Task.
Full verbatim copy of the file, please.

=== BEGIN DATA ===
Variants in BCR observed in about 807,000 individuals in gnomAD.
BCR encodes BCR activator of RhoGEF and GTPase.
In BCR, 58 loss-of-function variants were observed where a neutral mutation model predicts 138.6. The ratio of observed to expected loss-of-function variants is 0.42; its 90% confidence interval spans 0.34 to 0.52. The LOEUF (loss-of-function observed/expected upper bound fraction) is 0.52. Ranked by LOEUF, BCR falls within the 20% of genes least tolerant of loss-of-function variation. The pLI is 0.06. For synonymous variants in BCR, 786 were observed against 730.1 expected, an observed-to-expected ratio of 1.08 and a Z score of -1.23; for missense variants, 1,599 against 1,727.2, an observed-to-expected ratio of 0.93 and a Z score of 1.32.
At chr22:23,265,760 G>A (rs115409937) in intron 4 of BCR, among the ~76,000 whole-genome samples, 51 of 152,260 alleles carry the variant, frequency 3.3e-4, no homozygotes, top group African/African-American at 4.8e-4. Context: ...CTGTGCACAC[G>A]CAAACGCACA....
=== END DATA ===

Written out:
Variants in BCR observed in about 807,000 individuals in gnomAD.
BCR encodes BCR activator of RhoGEF and GTPase.
In BCR, 58 loss-of-function variants were observed where a neutral mutation model predicts 138.6. The ratio of observed to expected loss-of-function variants is 0.42; its 90% confidence interval spans 0.34 to 0.52. The LOEUF (loss-of-function observed/expected upper bound fraction) is 0.52. Ranked by LOEUF, BCR falls within the 20% of genes least tolerant of loss-of-function variation. The pLI is 0.06. For synonymous variants in BCR, 786 were observed against 730.1 expected, an observed-to-expected ratio of 1.08 and a Z score of -1.23; for missense variants, 1,599 against 1,727.2, an observed-to-expected ratio of 0.93 and a Z score of 1.32.
At chr22:23,265,760 G>A (rs115409937) in intron 4 of BCR, among the ~76,000 whole-genome samples, 51 of 152,260 alleles carry the variant, frequency 3.3e-4, no homozygotes, top group African/African-American at 4.8e-4. Context: ...CTGTGCACAC[G>A]CAAACGCACA....